School-board member Allen battles women’s rights activist Fluke for District 26

They’re both young. They’re both Democrats. They’re both up-and-comers on the political scene.
October 30, 2014

They’re both young. They’re both Democrats. They’re both up-and-comers on the political scene. 

In fact, judging by their black-and-crimson outfits at a recent debate in Santa Monica, Sandra Fluke and Ben Allen — the two candidates vying to represent California’s 26th Senate District — even share a similar taste in color schemes.

It can be hard to pinpoint any difference of opinion between Fluke and Allen, who are both described as progressive Democrats in a race that has stirred an unusual level of interest among political heavyweights and the community at large.

Allen, 36, an attorney, lecturer at UCLA Law School and member of the Santa Monica-Malibu Unified School District board, says he supports greater investment in early childhood and public education; environmental protections, particularly for the Santa Monica Mountains; improved public transportation infrastructure; gender equality; and campaign finance reform. 

So does Fluke, 33, an attorney and women’s rights activist, who in 2012 rose to national prominence by standing up to conservative commentator Rush Limbaugh following a virulent thrashing after she testified to members of Congress in favor of health-care coverage for birth control.

Fluke and Allen seek to replace current state Sen. Ted Lieu, who is running to fill the seat of retiring U.S. Rep. Henry Waxman. The 26th District extends from West Los Angeles and Santa Monica to the Palos Verdes Peninsula, taking in Beverly Hills, West Hollywood and most of the coastal South Bay.

“They’re very young, very strong, very eloquent,” said Margarita Valencia, 62, who like several district residents at a YWCA Santa Monica/Westside Town Hall debate between Allen and Fluke on Oct. 17, said they were having trouble deciding who to vote for. “They’re very good candidates.”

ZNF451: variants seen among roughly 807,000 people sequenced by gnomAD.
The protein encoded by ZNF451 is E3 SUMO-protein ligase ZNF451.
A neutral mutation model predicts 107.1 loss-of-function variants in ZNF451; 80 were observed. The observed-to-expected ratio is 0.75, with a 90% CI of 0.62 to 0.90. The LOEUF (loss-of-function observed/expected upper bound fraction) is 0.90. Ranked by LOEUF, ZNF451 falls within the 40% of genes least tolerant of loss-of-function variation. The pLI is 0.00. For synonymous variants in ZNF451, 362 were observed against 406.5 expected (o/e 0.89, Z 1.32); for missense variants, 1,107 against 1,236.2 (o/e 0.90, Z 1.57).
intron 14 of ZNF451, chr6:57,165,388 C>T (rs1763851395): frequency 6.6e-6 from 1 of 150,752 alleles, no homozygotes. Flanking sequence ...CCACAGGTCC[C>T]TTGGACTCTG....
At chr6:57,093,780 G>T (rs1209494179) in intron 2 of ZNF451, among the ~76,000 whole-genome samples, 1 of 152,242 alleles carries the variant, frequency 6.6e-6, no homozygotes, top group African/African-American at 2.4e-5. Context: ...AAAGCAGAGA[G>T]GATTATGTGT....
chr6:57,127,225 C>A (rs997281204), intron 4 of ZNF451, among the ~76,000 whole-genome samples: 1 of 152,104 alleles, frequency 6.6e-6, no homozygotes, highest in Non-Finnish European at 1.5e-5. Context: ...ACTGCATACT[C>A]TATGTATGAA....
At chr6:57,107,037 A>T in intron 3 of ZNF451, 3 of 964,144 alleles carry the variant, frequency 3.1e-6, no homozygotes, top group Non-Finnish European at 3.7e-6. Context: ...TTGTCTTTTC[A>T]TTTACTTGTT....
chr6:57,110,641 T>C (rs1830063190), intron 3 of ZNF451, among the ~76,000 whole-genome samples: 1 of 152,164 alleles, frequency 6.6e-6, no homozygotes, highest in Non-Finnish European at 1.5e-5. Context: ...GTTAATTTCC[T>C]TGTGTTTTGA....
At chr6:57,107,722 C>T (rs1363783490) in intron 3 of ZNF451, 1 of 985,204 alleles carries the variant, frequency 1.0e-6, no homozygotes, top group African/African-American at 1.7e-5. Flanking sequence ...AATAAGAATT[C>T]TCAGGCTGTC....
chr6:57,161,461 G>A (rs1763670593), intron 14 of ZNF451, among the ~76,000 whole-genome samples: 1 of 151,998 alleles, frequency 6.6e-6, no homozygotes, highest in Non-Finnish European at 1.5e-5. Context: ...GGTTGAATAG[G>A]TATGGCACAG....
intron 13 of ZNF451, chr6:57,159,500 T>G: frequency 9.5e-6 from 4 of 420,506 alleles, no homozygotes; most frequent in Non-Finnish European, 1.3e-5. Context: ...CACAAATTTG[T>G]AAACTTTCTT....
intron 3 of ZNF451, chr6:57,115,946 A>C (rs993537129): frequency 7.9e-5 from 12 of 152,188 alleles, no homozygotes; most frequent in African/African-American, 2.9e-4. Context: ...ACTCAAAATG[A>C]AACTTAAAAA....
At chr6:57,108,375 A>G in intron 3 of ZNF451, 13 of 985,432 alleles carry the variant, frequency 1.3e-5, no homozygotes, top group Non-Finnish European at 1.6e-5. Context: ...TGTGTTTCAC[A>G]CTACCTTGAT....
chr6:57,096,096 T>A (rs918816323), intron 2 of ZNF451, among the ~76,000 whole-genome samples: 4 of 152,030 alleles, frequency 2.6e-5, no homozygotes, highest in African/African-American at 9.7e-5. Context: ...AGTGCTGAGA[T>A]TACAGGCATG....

A Jew with roots in the district

Probably the greatest difference between Allen and Fluke is their backgrounds. Allen grew up in Santa Monica and has been heavily involved in district politics as a local school-board member. Fluke originates from rural Pennsylvania and moved to the district about seven years ago, although she spent some of that time at Georgetown University Law School in Washington, D.C. She’s worked as a social justice advocate locally and at the state level, standing up for low-wage workers and domestic violence victims among others, but she comes to the district race as a political outsider.

Allen is Jewish, with strong ties to the Jewish community. Growing up, he attended Kehillat Ma’arav, a Conservative congregation in Santa Monica, although he is now a member of the Reconstructionist congregation of Kehillat Israel in Pacific Palisades. He went to public schools, graduating from Santa Monica High School in 1996, but also attended the supplemental Jewish education program at Los Angeles Hebrew High School.

While studying for his bachelor’s degree in history at Harvard University, Allen taught Hebrew and Jewish history at the Harvard Hillel children’s school. After graduating from UC Berkeley Law School in 2008, he returned to Santa Monica and was a member of The Jewish Federation of Greater Los Angeles’ New Leaders Project and active in the Anti-Defamation League. 

Although sensitive to the nuances of Jewish life, Allen said he believes Jews in the district generally want the same as other constituents: vibrant schools, better transportation, a healthy economy. However, he said he’s been inspired by the long legacy of Jewish leaders in Los Angeles and credited his own background as steering him toward politics.

“Growing up in a Jewish family, you care about social justice, you care about good government, you care about ethics, you care about taking a thoughtful approach to decision making. It’s a part of our culture and a part of our heritage,” he said. “They’re values that got me thinking about working in government and working in public service.”